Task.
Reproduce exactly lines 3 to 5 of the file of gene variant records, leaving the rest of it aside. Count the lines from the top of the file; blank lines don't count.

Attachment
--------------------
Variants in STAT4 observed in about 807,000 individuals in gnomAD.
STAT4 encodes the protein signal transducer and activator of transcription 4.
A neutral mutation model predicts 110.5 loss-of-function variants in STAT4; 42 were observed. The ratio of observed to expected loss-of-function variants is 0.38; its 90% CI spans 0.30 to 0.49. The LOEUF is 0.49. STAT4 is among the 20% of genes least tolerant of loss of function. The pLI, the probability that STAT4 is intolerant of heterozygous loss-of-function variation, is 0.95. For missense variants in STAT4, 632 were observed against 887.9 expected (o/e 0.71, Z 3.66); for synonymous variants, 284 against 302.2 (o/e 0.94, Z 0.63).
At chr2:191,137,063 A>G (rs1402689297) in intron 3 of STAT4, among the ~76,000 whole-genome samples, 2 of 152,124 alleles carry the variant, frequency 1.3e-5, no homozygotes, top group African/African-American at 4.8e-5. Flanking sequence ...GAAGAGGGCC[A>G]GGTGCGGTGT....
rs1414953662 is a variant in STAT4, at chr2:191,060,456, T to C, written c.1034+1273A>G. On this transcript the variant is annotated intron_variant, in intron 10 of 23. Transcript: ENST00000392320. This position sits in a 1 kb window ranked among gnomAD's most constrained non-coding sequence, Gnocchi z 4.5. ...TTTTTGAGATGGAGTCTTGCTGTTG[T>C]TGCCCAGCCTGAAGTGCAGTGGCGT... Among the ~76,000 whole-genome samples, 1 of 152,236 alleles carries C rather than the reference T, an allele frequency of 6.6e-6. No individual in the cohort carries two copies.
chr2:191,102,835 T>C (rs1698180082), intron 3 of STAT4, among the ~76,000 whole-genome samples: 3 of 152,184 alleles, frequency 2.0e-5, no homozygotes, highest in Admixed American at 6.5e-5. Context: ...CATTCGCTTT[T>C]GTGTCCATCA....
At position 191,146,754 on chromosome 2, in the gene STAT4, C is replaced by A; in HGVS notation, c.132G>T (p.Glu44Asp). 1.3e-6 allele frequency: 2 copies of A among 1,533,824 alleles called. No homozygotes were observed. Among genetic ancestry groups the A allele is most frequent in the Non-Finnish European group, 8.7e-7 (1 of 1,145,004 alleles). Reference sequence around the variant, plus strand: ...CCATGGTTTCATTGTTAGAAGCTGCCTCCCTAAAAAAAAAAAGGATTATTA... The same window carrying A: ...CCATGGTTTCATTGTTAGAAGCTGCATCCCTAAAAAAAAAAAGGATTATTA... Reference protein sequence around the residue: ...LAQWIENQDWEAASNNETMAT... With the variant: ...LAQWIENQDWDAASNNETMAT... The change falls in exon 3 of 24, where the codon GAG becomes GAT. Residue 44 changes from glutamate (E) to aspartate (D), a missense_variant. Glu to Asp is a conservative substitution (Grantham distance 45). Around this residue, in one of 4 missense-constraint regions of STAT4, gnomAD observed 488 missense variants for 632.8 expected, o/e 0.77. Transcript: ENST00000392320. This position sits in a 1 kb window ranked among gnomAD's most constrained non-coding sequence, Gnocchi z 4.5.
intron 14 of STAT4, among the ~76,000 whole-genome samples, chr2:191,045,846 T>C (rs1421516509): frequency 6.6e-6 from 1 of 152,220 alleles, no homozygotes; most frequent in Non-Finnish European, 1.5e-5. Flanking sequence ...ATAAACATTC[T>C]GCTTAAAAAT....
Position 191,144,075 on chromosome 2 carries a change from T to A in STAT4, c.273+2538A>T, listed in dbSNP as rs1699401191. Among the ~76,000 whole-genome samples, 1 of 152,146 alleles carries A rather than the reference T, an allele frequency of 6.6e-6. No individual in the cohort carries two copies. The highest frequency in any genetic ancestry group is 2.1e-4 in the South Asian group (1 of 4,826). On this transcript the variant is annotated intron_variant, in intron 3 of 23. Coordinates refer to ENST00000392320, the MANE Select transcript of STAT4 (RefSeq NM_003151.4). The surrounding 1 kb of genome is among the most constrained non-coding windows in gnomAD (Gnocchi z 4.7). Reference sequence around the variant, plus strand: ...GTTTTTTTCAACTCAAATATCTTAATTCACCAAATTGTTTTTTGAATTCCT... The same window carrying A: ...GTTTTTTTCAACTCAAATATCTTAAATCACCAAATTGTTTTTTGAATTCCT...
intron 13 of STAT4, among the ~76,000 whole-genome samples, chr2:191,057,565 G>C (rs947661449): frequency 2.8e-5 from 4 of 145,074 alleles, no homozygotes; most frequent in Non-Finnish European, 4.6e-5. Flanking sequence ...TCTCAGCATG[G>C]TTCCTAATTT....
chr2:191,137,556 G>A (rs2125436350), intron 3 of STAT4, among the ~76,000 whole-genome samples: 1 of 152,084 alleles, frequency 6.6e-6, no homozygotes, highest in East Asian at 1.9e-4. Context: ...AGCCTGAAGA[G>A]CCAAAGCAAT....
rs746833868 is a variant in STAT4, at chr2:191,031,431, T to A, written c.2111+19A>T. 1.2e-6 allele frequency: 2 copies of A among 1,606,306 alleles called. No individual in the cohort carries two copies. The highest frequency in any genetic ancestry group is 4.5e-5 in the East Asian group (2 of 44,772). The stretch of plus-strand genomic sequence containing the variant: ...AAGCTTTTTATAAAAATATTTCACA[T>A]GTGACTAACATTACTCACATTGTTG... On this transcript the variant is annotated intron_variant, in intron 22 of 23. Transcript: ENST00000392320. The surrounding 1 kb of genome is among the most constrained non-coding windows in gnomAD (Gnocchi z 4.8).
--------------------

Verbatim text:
A neutral mutation model predicts 110.5 loss-of-function variants in STAT4; 42 were observed. The ratio of observed to expected loss-of-function variants is 0.38; its 90% CI spans 0.30 to 0.49. The LOEUF is 0.49. STAT4 is among the 20% of genes least tolerant of loss of function. The pLI, the probability that STAT4 is intolerant of heterozygous loss-of-function variation, is 0.95. For missense variants in STAT4, 632 were observed against 887.9 expected (o/e 0.71, Z 3.66); for synonymous variants, 284 against 302.2 (o/e 0.94, Z 0.63).
At chr2:191,137,063 A>G (rs1402689297) in intron 3 of STAT4, among the ~76,000 whole-genome samples, 2 of 152,124 alleles carry the variant, frequency 1.3e-5, no homozygotes, top group African/African-American at 4.8e-5. Flanking sequence ...GAAGAGGGCC[A>G]GGTGCGGTGT....
rs1414953662 is a variant in STAT4, at chr2:191,060,456, T to C, written c.1034+1273A>G. On this transcript the variant is annotated intron_variant, in intron 10 of 23. Transcript: ENST00000392320. This position sits in a 1 kb window ranked among gnomAD's most constrained non-coding sequence, Gnocchi z 4.5. ...TTTTTGAGATGGAGTCTTGCTGTTG[T>C]TGCCCAGCCTGAAGTGCAGTGGCGT... Among the ~76,000 whole-genome samples, 1 of 152,236 alleles carries C rather than the reference T, an allele frequency of 6.6e-6. No individual in the cohort carries two copies.